Friday, August 18, 2006

Quebecistan? I wish...

A Place Amongst Nations: Quebec in the Struggle to Win
poster from the Societe St-Jean Baptiste,
a conservative nationalist group, and a cornerstone of the Quebec national movement today

Last week’s article by Barbara Kay in the right-wing National Post should be clipped and put aside (or saved to hard drive) as a reference for future discussions about Quebec nationhood, racism and the province plays in the English Canadian psyche.

The long and short of Kay’s analysis: the Quebec intelligentsia is left-wing, racist and soft on terrorism.

It is a standard and long-lived claim, repeated now and then (and with much more frequency when a referendum rolls around, of course) – the current catalyst being the presence of several of Quebec’s leading politicians and cultural personalities at the demonstration against Israeli aggression on August 6th.

This picture painted is familiar, in part because it is so easily inverted by some “pro-Quebec” comrades, for whom there is this inspiring story of Quebec being more left-wing and radical than the rest of North America – a version which deftly dismisses any claims of racism as a slur that “the oppressors” make about any oppressed nationality. Just like the Palestinians, for instance.

Indeed, Kay’s article is titled “The rise of Quebecistan” – the idea being there’s a little bit of jihad that could break out here too.

That people on both sides of this national divide manage to make such comparisons with a straight face never ceases to boggle my mind.

Because of course both of these pictures are really inaccurate, even dishonest, and clinging to either is just plain silly. It’s like i joked to a friend after the last referendum – once you get outside of Canada many people end up thinking that an independent Quebec will be transformed into another Cuba… or else a modern day Nazi Germany. Take your pick.

And yet despite their dishonesty both visions persist, obviously reinforcing each other all the while. So much so that at certain times they seem to dominate the official Canadian national disourse.

The bottom line is that Quebec is currently a modern capitalist nation, albeit one without full State powers, “trapped” as it is within the Canadian State structure. Regardless of its own colonization by the British – the process which gave rise to “Canada” itself – modern-day New France has been built on the same process of genocide and dispossession of indigenous people as the rest of Canada, the United States, Israel and so many other settler societies. Likewise, those who hold power in Quebec are – like their American and Anglo-Canadian counterparts – firmly committed to the tenets of bourgeois democracy. Just like George Bush and Stephen Harper.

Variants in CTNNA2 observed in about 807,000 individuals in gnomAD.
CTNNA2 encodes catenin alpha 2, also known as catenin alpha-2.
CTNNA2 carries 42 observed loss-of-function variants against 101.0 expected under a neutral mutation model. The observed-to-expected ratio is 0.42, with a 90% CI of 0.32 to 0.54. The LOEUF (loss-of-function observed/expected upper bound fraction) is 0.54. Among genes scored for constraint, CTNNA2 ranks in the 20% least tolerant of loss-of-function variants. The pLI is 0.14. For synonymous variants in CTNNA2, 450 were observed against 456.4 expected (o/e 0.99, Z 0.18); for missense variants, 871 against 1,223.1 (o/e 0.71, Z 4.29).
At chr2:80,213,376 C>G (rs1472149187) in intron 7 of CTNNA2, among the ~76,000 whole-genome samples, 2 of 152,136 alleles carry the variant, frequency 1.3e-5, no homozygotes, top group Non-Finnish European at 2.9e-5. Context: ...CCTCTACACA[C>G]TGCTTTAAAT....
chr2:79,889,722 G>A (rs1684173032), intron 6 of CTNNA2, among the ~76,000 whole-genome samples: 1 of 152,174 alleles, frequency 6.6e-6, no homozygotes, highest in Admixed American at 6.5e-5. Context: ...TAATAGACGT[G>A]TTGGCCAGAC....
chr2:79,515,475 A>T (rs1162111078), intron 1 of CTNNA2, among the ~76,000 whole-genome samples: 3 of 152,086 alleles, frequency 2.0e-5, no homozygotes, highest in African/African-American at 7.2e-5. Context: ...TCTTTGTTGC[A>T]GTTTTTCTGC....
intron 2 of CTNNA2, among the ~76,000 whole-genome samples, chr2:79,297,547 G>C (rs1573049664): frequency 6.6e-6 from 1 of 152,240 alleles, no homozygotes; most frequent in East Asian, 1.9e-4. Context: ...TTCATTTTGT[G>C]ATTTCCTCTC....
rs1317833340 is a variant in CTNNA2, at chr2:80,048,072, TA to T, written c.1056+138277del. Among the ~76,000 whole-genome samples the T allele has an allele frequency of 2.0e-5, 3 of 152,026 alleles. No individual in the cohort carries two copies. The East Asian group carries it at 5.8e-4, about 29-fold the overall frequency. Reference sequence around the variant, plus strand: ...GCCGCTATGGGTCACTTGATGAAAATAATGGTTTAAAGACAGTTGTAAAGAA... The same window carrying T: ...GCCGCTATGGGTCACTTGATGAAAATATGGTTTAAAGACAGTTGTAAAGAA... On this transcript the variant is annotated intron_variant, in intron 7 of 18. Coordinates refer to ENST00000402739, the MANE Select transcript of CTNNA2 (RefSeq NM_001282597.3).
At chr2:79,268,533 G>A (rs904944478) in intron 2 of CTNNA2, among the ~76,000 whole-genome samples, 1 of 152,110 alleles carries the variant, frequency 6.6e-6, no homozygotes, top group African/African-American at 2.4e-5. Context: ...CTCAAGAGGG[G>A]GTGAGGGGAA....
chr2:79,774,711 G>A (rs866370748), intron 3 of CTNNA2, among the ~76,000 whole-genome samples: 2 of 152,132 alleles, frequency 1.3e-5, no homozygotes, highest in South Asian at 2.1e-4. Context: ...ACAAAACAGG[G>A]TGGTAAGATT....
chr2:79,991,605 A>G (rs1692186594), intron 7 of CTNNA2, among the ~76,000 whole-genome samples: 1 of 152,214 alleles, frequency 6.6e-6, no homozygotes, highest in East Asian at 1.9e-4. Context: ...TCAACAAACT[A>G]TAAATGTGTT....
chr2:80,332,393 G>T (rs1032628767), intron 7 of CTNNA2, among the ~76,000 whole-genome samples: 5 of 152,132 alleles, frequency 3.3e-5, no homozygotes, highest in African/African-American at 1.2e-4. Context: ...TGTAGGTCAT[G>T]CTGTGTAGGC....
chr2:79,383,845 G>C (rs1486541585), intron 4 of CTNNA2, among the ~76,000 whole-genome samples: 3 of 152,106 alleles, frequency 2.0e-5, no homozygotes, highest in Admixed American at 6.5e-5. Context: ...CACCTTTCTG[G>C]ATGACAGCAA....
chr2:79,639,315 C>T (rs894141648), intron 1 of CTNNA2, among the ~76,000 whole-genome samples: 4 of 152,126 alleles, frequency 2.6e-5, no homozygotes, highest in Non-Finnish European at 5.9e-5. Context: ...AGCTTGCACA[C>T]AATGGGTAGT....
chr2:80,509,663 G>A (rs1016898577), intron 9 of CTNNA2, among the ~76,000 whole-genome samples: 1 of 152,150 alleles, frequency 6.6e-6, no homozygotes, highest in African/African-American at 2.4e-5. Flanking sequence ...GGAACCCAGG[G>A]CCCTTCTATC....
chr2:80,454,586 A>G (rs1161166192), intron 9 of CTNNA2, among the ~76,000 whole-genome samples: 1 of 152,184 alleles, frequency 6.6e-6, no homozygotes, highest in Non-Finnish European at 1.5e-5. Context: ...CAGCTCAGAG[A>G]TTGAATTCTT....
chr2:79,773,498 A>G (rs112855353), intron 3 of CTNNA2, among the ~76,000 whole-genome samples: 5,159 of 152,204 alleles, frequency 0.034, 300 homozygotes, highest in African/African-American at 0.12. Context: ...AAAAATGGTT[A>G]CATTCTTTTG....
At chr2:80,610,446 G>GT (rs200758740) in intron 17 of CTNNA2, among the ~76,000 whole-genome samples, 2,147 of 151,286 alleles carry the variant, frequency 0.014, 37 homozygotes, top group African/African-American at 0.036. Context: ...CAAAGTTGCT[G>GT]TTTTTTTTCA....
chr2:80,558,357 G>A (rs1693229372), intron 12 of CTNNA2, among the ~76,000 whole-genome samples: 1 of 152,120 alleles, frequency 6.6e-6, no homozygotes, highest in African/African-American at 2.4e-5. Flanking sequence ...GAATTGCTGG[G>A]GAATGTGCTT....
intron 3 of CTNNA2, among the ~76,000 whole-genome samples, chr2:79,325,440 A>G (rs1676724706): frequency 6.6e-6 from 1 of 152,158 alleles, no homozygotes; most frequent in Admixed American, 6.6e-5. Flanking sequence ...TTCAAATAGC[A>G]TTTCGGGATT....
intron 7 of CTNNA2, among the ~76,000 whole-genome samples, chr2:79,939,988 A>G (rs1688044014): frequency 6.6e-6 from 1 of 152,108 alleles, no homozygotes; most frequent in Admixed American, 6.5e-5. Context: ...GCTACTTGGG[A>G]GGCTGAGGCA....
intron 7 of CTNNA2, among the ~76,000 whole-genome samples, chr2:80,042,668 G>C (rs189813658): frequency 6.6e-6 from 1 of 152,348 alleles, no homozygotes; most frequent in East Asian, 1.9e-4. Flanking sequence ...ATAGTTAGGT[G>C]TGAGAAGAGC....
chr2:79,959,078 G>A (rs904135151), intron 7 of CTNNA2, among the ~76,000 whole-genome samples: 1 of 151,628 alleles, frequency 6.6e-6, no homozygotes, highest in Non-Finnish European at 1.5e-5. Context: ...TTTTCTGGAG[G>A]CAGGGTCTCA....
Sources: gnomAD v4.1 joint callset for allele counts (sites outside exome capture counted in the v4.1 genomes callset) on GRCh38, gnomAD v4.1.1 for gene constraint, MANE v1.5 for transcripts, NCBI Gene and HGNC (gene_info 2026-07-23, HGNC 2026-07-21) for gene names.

It’s nothing to be proud about, but also nothing that our friends in Toronto or New York City aren’t already familiar with.

Are there any differences?

Of course: Quebec is a different nation and so it does have its own characteristics.

Most importantly, being a nation “trapped” in another State, Quebec has a nationalist movement which is both enmeshed in important sections of the left (especially the trade union movement) and also in important sections of the State and ruling class. A fact which explains the once-in-a-blue-moon episodes of violence at this that or the other “broad based” demonstration – some anarchist or communist will harass some right-wing nationalist or bourgeois politician, and then the trade union field marshals will try and pound on the radical, and then a scuffle will break out just before the riot cops move in to “restore order.” (Indeed, one important anarchist group in the 90s had its formative moment being violently thrown out of a Mayday parade after they chanted anti-nationalist slogans.)

What is most telling is not the violence or the aftermath, but the fact that we’re all there together in the first place. In this way, nationalism occupies a similar niche in the political world of the left here as social-democracy does in classical marxist stories. (Indeed, regardless of their actual politics most nationalists would probably self-identify as soc-dems.)

This can often give politics a topsy turvey “what’s going on here” feel for people from other places, and it helps to explain why major politicians occasionally show up at demonstrations like the one on August 6th. It also helps to explain why there is a serious weakness around anti-racism and such confused and confusing lines on anti-colonialism in sections of the left here.

For those of us who want to build a radical future here (and everywhere else!) there is a pressing need to see what is actually happening, the real ground we are standing on. That means seeing through the fog and cutting through the bullshit – both the anti-quebecois drivel of the National Post and also the self-congratulatory crap churned out by “our” “progressive” con artists.

So for starters, Quebec as a whole (i.e. not just the left) is very similar to the Rest of Canada in terms of racist oppression. Black and Latino kids get shot by cops for no reason. Members of First Nations continue to resist national oppression – both structural and (more rarely theseadays) military. Muslims get stabbed in the metro or show up to Mosque to find the windows broken by self-styled “anti-terrorist” vigilantes. Public figures make occasional noises about the worrisome low birth rate amongst whites.